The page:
How many times have you gone to a site about a conference or other event and found the information from a previous year with no indication if current content is on its way? The further out it gets from an event, the more irritating it is to see old content.

If my general irritation isn’t enough of a convincing factor, consider that there are other, more tangible benefits to keeping your content fresh.


Rather than trying to trick Google’s algorithm, improve your search ranking by continuously adding and updating content.

Users will be able to find your site easier and more often if you are supplying it with new information. Because Google is always crawling for and indexing new content, your site it more likely to appear higher in search results than one that has stale, unchanging content. The more active you are, the higher your potential for improved ranking.

You can also increase your visibility through social media when you have a steady stream of new things to post about and continuously drive your followers to the site.

Most of all, current content is more engaging and enjoyable to read for your audience. And who awards consistent user engagement? I do!
But also someone that actually matters: it's Google again.

Gone are the days of “keyword stuffing” to get Google to notice you. Instead, it recognises when fresh content is added and the correlating user engagement.

All this to say, don’t go waving your arms around for Search Engine rankings before you have the content to back it up. It’s like when I’m on a work call and my 3 year old launches into, “MummymummymummyMAMAMAMAMummmmyyy” until I cave and find out what urgent information she has for me. When I do, she realizes she has nothing and just blurts something out.

“Pinky pie is the best pony, she’s pink.”

First of all, Pinky pie is by far not the best pony - not in Equestria, not in the world. To her credit, though, she is pink, so she gets some points for accuracy. What she did, though, is ask for attention before she had anything new or exciting to show. More importantly, she’s going to have to work harder to get my attention next time.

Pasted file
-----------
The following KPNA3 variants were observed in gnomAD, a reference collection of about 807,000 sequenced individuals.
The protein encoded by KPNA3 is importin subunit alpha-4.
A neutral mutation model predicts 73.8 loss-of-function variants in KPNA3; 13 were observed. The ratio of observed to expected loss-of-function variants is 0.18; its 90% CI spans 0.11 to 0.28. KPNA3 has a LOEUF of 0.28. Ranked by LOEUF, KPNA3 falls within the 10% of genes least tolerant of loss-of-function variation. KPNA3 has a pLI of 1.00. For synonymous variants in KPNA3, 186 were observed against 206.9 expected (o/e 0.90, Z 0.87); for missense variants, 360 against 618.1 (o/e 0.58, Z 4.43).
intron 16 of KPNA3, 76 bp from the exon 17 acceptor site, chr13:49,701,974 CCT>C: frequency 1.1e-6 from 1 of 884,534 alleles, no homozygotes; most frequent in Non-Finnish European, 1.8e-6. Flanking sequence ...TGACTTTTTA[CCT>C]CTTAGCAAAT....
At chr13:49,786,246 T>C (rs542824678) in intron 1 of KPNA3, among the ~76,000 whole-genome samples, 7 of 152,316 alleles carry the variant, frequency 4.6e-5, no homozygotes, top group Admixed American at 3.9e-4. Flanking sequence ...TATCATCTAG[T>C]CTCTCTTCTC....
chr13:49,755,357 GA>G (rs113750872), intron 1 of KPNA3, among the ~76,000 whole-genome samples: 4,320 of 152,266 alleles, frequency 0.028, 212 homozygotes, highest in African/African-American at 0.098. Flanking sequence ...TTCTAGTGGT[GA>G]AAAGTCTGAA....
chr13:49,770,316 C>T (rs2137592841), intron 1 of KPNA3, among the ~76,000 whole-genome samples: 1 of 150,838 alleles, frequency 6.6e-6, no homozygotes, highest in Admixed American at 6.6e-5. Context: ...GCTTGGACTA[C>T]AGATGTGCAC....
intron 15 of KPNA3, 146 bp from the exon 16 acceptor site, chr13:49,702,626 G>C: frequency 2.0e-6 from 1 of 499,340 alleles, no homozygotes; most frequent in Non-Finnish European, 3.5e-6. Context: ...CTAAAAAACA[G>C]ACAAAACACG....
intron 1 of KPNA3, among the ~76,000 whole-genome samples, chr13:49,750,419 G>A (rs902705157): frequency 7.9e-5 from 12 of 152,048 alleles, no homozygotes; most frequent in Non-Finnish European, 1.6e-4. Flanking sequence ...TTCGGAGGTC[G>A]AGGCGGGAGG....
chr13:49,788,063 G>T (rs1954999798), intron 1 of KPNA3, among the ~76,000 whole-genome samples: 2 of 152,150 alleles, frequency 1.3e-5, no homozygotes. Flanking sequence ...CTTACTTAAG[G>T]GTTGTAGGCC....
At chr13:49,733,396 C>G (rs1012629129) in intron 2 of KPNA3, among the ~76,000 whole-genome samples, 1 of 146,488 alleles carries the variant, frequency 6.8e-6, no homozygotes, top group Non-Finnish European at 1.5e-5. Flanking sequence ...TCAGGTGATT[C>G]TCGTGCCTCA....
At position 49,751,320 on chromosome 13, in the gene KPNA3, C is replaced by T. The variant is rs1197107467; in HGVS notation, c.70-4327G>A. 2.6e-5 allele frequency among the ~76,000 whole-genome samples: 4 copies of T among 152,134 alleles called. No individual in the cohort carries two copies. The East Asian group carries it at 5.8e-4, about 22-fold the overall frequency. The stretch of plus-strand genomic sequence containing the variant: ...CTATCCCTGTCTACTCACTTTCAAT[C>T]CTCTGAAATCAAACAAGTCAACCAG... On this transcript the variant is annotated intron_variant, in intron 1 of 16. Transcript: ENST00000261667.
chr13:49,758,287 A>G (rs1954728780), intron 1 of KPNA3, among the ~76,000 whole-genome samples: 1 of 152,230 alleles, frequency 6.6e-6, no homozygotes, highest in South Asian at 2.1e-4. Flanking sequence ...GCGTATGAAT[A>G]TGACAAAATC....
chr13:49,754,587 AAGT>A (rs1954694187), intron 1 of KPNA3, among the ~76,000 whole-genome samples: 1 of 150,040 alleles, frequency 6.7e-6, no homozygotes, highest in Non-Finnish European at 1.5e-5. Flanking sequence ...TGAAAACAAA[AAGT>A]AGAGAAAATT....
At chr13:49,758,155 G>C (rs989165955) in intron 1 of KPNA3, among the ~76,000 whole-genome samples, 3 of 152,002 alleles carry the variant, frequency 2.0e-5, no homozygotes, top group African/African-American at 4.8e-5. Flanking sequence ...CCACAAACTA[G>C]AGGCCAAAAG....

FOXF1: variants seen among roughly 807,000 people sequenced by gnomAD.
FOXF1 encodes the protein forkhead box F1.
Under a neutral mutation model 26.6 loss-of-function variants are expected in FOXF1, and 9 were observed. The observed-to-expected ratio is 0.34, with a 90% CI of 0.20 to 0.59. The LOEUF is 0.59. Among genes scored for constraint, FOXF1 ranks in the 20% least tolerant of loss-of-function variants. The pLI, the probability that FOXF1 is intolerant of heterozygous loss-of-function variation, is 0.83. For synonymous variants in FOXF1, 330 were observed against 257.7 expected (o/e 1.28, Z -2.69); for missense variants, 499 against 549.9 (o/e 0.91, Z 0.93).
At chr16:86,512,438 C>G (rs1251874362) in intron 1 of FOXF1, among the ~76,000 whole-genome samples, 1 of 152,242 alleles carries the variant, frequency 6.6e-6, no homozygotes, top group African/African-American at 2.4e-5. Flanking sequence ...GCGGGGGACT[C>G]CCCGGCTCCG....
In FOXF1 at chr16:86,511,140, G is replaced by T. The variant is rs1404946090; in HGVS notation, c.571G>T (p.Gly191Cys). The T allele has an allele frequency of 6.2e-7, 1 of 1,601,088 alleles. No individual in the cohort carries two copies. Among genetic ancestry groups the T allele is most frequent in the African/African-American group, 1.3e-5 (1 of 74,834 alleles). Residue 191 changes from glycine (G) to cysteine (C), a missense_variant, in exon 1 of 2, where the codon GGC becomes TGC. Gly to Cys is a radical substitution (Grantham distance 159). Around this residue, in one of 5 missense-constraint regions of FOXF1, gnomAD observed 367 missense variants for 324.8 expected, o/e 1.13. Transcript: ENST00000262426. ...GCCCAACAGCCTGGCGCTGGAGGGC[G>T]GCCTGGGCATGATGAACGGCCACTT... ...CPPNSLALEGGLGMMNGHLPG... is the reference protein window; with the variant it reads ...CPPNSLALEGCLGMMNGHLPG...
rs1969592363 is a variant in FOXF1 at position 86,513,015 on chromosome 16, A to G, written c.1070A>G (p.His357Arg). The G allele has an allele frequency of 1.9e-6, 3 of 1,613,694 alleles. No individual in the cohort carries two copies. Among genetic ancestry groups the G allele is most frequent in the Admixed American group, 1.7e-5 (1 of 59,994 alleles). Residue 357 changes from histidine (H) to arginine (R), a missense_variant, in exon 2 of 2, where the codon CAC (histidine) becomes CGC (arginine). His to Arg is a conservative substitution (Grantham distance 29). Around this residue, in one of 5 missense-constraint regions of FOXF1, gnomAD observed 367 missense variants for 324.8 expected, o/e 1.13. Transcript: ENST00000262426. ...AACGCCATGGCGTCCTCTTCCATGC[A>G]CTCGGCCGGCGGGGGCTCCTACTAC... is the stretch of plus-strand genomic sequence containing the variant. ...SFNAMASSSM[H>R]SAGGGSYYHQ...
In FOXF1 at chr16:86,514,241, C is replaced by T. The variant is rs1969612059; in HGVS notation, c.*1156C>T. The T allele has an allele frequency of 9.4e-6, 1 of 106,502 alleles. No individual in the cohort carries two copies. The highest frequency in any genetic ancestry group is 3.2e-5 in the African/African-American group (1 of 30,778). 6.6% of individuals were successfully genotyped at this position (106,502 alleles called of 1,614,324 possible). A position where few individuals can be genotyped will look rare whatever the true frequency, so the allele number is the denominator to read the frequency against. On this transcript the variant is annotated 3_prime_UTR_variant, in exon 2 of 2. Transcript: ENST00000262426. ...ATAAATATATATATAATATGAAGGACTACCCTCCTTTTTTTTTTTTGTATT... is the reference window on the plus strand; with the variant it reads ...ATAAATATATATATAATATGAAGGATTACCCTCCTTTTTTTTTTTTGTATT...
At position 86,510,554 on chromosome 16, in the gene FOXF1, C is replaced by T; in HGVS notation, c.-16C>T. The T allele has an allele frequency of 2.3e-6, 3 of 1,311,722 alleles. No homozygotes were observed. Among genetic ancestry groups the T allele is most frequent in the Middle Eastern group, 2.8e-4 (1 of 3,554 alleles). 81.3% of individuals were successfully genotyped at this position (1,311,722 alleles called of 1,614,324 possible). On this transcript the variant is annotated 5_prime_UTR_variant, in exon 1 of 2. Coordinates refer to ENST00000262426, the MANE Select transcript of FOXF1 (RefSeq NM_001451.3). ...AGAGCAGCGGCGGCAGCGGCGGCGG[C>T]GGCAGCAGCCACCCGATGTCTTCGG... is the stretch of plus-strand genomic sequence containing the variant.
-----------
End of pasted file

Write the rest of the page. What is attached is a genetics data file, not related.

In her defense, she’s only 3 and I’d expect more from an experienced digital specialist.

How to Stay Current:

  • Keep an active content calendar with notifications to update timely information as soon as it’s in the past

  • If an event has passed, but the page still has information you want to share, make sure you update the content to reflect that the event already happened and share any information you have on subsequent events - even if it’s just to say, “We’ll be back again in 2020 - Dates and Info Coming Soon” (where possible, use a specific date in place of “coming soon”).

  • Let your CMS do the work for you: For information that can be removed as of a certain date, explore options within your CMS to automatically expire, unpublish or otherwise hide the information without an author needing to go in to manually make updates.

  • If content has started to go stale, actively seek out new content. There’s a very good chance that some people in your organization don’t think to reach out about web content and this is a great time to bring them in and show them a Whole New World of content (don’t you dare close your eyes!).


Another piece of the puzzle to delivering the right content to your audience is making sure that content is understood. Once again, this comes back to users leaving your site with accurate information. The more difficult it is to understand or interpret your content, the wider the door opens for user frustration and misunderstanding.

Don't bury important information in a sea of jargon, overly complex writing, and redundant or otherwise useless copy.

Many of us come from a writing or academic background that builds habits we often have to break in web copy. I find that writing clearly is especially challenging for those who have done well in environments where flowery or over-complicated writing reads as “smarter”.

If I have to follow a confusing string of words and work to try to extract the real information from this weird, roundabout journey of a paragraph, I’m reading bad content (and possibly just plain old bad writing). Don’t make your users have to work for information, to try and follow a narrative that doesn’t apply or is so full of extra words that the meaning gets lost.

via Dilbert comics by Scott Adams.

via Dilbert comics by Scott Adams.

Keep it simple. Give the users the information they want, when/where they want it (at the top of the page or in a clearly distinguishable call to action or other page element).

Stripping away the unnecessary “noise” does not mean removing personality from your content. Editors striving for clean, straightforward content can sometimes take it too far by sanitizing out the fun or unique style and tone. Authors should aim to strike a balance between providing only the necessary information while maintaining those elements of personality that make it engaging and unique.

If you check your site and make sure the content meets these 3 Cs, you are off to a great start. By prioritizing correct information that is current and easy to understand, you are in the best position to build an audience that will see your site as a reliable source of information and authority. From this solid foundation, you can build content marketing and engagement strategies, knowing you are ready to drive users to quality content that will bring them back for more.